What’s next?

The past 10 years have highlighted how racism maintains momentum when it is left to individuals to manage alone. Celebrating multicultural difference is important. ‘Othering’ and excluding groups from our national fabric because of their cultural or religious difference is counter-productive for national cohesion. The September 11 attacks, as well as other major upheavals since, demonstrate the need for nations to pull together. (This includes the Bali bombings in 2002, the London attacks in 2005, the global financial crisis that has been ongoing since 2008, the Queensland and Victorian floods of 2010, amongst other events.) Collectively addressing anti-Muslim prejudice along with other forms of social exclusion can only strengthen our national resilience, whether we are experiencing times of prosperity or disaster.

Read Part One of this series on the Health outcomes of September 11 survivors.

Read Part Three of this series: Media Coverage of the 10th Anniversary of the September 11 Attacks

Notes


[i] Payne, Yasmeen and Manpreet 2011.

[ii] Many Muslims experienced racist abuse following the first Gulf War (Poynting 2002: 43).  Yet studies show that racist attacks increased dramatically after September 11. See: Dunn, Klocker and Salabay 2007; Dunn and Nelson 2011; Poynting 2002; Poynting and Noble 2004.

[iii] Payne, Yasmeen and Manpreet 2011.

[iv] Hochschild 1979. Thanks to Meg Carter for tuning me into the possibilities of this concept many years a go.

[v] Hochschild 1979.

[vi] For more discussion on everyday racism, see Zevallos 2004.

Further References

Dunn, K.M., N. Klocker, and T. Salabay (2007) ‘Contemporary Racism and Islamaphobia in Australia: Racialising Religion’, Ethnicities 7(4), 564-589.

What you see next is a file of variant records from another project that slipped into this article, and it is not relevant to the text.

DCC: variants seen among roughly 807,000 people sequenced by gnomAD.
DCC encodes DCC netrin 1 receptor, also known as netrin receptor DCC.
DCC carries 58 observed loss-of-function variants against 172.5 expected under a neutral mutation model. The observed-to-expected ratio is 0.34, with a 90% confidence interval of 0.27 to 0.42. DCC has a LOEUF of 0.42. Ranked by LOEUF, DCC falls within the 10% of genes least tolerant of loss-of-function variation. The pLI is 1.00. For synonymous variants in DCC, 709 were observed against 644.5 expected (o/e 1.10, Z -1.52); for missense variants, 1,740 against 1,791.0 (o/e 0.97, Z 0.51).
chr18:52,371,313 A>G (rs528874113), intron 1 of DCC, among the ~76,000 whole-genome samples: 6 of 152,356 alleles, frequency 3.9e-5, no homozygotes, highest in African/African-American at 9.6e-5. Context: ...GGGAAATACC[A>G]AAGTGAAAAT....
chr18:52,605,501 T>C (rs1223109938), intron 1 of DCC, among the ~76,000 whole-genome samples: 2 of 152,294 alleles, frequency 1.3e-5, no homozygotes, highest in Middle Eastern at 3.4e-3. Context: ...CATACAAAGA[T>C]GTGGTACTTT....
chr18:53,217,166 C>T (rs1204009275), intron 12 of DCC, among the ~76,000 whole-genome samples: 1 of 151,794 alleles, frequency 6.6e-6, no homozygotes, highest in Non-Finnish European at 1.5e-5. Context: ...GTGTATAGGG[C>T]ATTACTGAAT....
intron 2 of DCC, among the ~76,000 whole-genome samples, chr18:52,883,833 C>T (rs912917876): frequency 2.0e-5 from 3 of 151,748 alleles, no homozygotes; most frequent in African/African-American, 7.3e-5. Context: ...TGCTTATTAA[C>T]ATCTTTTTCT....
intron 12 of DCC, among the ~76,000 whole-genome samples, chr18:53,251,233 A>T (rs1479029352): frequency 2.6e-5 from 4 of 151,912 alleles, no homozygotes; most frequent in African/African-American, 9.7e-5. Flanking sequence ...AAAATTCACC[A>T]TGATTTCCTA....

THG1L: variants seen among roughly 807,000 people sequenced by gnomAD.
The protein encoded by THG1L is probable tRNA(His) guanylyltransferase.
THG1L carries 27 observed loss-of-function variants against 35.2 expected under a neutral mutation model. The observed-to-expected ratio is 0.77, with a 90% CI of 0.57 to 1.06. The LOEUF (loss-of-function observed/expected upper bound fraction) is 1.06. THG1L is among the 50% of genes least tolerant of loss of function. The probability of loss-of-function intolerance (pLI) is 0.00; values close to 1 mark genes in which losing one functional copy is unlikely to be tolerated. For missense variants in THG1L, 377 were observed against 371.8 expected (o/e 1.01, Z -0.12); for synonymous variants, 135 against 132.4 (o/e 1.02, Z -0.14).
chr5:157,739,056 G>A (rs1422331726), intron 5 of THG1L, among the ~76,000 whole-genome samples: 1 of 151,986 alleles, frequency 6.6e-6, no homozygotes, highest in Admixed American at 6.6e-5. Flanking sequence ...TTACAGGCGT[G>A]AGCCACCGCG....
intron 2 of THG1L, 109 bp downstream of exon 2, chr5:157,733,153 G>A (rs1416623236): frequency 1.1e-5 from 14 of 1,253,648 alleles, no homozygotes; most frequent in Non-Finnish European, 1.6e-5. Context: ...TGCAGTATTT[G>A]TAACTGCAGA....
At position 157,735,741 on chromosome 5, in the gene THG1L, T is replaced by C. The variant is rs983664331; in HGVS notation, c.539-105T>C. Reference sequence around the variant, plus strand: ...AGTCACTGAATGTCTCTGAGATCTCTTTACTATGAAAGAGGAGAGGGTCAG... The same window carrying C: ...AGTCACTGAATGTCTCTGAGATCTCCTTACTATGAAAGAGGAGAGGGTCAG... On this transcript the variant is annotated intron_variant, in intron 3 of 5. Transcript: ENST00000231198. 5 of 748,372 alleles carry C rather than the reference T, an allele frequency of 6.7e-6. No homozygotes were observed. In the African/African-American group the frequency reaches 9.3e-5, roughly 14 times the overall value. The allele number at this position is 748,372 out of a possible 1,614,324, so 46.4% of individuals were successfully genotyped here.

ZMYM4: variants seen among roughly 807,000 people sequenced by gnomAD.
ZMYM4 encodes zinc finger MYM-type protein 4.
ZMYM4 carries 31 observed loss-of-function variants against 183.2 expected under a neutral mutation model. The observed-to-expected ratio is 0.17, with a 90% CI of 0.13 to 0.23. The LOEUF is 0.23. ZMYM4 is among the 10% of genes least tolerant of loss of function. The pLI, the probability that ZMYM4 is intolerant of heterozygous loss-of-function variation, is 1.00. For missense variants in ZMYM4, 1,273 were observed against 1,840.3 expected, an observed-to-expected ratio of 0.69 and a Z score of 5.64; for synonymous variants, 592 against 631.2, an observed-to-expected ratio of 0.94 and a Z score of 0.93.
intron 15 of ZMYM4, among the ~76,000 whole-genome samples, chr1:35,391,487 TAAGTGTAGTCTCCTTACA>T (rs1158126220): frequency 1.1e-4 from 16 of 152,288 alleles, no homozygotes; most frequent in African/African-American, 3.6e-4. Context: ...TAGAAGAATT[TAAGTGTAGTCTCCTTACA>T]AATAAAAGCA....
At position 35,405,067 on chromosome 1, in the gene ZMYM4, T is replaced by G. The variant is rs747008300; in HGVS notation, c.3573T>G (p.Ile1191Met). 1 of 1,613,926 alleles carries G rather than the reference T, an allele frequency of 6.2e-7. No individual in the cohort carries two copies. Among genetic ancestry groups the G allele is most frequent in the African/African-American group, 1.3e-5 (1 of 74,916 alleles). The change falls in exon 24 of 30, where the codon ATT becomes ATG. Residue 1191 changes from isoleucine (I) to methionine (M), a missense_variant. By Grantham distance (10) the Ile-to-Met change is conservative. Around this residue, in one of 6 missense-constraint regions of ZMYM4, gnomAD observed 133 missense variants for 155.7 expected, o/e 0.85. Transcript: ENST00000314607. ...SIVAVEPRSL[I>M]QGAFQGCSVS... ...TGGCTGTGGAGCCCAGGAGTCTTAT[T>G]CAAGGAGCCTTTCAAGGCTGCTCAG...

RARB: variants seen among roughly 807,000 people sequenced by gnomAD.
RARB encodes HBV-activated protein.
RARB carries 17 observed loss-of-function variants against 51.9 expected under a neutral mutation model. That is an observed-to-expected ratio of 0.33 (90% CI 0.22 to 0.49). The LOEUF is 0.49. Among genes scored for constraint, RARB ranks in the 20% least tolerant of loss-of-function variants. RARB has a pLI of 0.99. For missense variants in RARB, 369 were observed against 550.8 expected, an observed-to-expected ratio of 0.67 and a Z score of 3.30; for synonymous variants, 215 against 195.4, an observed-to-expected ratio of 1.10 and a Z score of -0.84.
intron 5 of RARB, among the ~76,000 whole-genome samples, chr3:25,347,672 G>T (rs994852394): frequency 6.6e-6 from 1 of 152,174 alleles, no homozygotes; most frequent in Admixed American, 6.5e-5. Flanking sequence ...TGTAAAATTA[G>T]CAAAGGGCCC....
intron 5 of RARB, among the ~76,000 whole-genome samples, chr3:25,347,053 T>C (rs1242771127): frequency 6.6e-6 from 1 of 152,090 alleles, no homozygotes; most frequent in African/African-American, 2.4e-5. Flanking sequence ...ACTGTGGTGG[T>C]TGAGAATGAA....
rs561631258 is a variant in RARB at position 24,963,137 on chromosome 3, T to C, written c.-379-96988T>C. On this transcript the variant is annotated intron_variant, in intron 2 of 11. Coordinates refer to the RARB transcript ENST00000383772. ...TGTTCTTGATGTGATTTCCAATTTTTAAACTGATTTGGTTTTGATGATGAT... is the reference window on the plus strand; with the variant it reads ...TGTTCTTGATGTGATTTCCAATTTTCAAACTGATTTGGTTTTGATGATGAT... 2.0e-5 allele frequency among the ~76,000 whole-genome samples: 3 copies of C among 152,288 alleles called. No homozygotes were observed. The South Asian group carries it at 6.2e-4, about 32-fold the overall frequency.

Hochschild, A. (1979) ‘Emotion Work, Feeling Rules, and Social Structure’, American Journal of Sociology 85(3): 551-575.

Poynting, S. (2002) ‘“Bin Laden in the Suburbs”: Attacks on Arab and Muslim Australians Before and After 11 September’, Current Issues in Criminal Justice 14(1):43-64.

Poynting, S. and V. Mason (2007) ‘The Resistible Rise of Islamophobia: Anti-Muslim Racism in the UK and Australia Before 11 September 2001’, Journal of Sociology 43(1): 61-86.

Poynting, S. and G. Noble (2004) Living with Racism: The Experience and Reporting by Arab and Muslim Australians of Discrimination, Abuse and Violence Since 11 September 2001. Sydney: HREOC. Online resource last accessed 11 Sep 11:

Payne, S., S. Yasmeen and S. Manpreet (2011) ‘The Impact of 9/11 on Multicultural Australia’, SBS World News, 8 Sep 11. Online resource last accessed 11 Sep 11: http://www.sbs.com.au/news/article/1586088/September-11-The-impact-on-multicultural-Australia

Zevallos, Z. (2004) ‘Where Are “Wogs” From?  Exploring Subjective Understandings of Racism’, in K. Richmond (Ed.) Revisioning Institutions: Change in the 21st Century. The Annual Conference of The Australian Sociological Association 8-11 December 2004.  Beechworth: The Australian Sociological Association and La Trobe University.

Image credit: Sailor Coruscant (2008) ‘I’m Not Even Sure Whose Media Unit This Was’. Flickr. Online resource last accessed 12 Sep 11: